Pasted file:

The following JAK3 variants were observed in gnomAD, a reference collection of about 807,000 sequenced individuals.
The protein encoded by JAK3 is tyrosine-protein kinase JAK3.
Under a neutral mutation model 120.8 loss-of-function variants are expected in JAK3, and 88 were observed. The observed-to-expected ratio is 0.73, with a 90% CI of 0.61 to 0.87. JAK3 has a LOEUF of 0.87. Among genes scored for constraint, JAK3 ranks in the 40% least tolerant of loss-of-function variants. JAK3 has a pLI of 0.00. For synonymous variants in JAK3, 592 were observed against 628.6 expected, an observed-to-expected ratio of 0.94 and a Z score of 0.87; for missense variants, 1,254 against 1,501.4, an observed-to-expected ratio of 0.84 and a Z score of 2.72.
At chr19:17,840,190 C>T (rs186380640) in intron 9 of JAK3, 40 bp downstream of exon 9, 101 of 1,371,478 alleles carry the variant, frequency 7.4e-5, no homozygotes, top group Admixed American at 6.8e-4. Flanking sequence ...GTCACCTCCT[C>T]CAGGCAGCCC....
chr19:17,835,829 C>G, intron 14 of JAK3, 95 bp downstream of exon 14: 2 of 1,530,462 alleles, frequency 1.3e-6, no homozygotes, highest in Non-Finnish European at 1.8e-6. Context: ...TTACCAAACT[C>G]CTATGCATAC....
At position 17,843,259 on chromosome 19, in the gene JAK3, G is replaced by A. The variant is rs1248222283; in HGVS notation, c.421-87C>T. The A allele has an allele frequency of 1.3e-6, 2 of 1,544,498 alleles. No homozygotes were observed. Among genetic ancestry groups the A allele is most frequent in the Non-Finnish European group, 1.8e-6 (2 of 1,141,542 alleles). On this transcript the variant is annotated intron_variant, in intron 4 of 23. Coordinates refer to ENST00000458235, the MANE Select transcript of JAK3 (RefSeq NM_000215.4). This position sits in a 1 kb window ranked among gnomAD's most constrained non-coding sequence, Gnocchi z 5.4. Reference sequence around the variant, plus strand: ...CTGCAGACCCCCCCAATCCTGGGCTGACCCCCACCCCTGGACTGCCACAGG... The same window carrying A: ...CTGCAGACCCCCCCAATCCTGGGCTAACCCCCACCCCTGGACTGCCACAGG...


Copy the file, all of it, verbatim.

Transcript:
The following JAK3 variants were observed in gnomAD, a reference collection of about 807,000 sequenced individuals.
The protein encoded by JAK3 is tyrosine-protein kinase JAK3.
Under a neutral mutation model 120.8 loss-of-function variants are expected in JAK3, and 88 were observed. The observed-to-expected ratio is 0.73, with a 90% CI of 0.61 to 0.87. JAK3 has a LOEUF of 0.87. Among genes scored for constraint, JAK3 ranks in the 40% least tolerant of loss-of-function variants. JAK3 has a pLI of 0.00. For synonymous variants in JAK3, 592 were observed against 628.6 expected, an observed-to-expected ratio of 0.94 and a Z score of 0.87; for missense variants, 1,254 against 1,501.4, an observed-to-expected ratio of 0.84 and a Z score of 2.72.
At chr19:17,840,190 C>T (rs186380640) in intron 9 of JAK3, 40 bp downstream of exon 9, 101 of 1,371,478 alleles carry the variant, frequency 7.4e-5, no homozygotes, top group Admixed American at 6.8e-4. Flanking sequence ...GTCACCTCCT[C>T]CAGGCAGCCC....
chr19:17,835,829 C>G, intron 14 of JAK3, 95 bp downstream of exon 14: 2 of 1,530,462 alleles, frequency 1.3e-6, no homozygotes, highest in Non-Finnish European at 1.8e-6. Context: ...TTACCAAACT[C>G]CTATGCATAC....
At position 17,843,259 on chromosome 19, in the gene JAK3, G is replaced by A. The variant is rs1248222283; in HGVS notation, c.421-87C>T. The A allele has an allele frequency of 1.3e-6, 2 of 1,544,498 alleles. No homozygotes were observed. Among genetic ancestry groups the A allele is most frequent in the Non-Finnish European group, 1.8e-6 (2 of 1,141,542 alleles). On this transcript the variant is annotated intron_variant, in intron 4 of 23. Coordinates refer to ENST00000458235, the MANE Select transcript of JAK3 (RefSeq NM_000215.4). This position sits in a 1 kb window ranked among gnomAD's most constrained non-coding sequence, Gnocchi z 5.4. Reference sequence around the variant, plus strand: ...CTGCAGACCCCCCCAATCCTGGGCTGACCCCCACCCCTGGACTGCCACAGG... The same window carrying A: ...CTGCAGACCCCCCCAATCCTGGGCTAACCCCCACCCCTGGACTGCCACAGG...